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Last edited 23 Aug 2014

Impact of pavilion design on sustainable outcomes

At a price tag of $50 billion, the 2014 Sochi Winter Olympic Games was the most expensive winter games in history, but with stories of facilities from previous Olympic Games going unused, KLH Sustainability decided to look into the impact of temporary structures and pavilion design on sustainable outcomes.

Calculating the carbon footprint of temporary structures can be the first step any organisation takes when deciding on approaches to their pavilion design. An increasing number of organisations are starting to monitor their carbon footprint in order to limit their environmental impact and improve their reputation amongst shareholders and customers.

KLH Sustainability carried out a life-cycle carbon footprinting analysis of two approaches to pavilion design and their impact on sustainable outcomes. The results showed that in both approaches, the embodied carbon associated with material production is by far the biggest contributor to overall lifecycle carbon emissions (approximately 72%) and that by optimising the use of hire components the embodied carbon of construction can be reduced by 58%.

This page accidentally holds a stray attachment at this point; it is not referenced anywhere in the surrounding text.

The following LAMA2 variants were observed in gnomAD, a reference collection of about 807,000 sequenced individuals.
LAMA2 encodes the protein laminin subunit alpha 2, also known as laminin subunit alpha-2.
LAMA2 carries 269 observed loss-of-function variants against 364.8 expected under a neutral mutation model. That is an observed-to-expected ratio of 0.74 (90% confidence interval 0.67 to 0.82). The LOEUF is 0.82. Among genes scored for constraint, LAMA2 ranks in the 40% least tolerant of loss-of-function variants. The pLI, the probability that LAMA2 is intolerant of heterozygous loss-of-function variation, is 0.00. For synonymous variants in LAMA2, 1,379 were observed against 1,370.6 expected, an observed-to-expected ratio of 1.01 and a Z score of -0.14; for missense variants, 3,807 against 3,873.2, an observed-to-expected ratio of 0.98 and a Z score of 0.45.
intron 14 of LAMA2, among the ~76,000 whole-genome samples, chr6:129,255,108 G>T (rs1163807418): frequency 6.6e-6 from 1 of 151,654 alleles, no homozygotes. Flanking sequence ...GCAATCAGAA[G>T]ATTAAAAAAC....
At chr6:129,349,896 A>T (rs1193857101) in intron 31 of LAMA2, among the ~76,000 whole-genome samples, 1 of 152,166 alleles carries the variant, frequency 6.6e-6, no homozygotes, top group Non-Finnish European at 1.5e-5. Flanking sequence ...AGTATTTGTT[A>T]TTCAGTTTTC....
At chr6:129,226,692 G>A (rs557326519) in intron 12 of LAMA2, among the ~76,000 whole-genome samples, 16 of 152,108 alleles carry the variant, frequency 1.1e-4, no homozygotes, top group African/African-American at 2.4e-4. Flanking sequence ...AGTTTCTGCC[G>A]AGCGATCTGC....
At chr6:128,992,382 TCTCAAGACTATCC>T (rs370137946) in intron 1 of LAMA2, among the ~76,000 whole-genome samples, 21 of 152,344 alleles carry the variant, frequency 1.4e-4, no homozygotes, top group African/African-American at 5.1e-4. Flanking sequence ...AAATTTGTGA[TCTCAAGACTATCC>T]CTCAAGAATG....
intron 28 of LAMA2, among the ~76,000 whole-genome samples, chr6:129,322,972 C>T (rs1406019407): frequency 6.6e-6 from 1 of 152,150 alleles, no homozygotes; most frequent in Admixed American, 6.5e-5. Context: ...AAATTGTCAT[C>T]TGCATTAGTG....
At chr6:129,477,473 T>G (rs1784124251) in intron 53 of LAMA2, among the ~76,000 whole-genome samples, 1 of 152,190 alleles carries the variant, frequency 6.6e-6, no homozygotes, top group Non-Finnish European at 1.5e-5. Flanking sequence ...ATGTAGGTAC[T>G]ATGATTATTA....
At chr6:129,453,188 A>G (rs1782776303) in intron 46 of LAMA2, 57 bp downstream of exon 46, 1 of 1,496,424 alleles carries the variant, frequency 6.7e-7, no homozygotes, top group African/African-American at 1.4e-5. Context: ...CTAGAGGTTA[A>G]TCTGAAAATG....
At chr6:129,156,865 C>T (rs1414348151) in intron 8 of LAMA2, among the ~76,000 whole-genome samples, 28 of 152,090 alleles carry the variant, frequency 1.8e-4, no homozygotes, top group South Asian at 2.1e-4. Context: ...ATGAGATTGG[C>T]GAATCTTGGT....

The analysis showed that minimising material consumption through intelligent design and engineering, delivers benefits further down the line. These include; a reduction in fuel consumption during construction, low waste generation, reduction in build time and reduction in supply chain risk. During the life-cycle carbon footprinting analysis, lessons were learned from each stage; from concept to procurement, construction, deconstruction and disposal. Lesson such as; redefining the endpoint as the removal of the temporary pavilion rather than the event itself to optimise design for deconstruction and reallocation of assets to charity groups; to considering the location of recycling facilities during the deconstruction and disposal stage.

To learn more and read the full case study click here.


This article was created by Chloe Souque of --KLH Sustainability as part of an ongoing series of posts for Designing Buildings Wiki.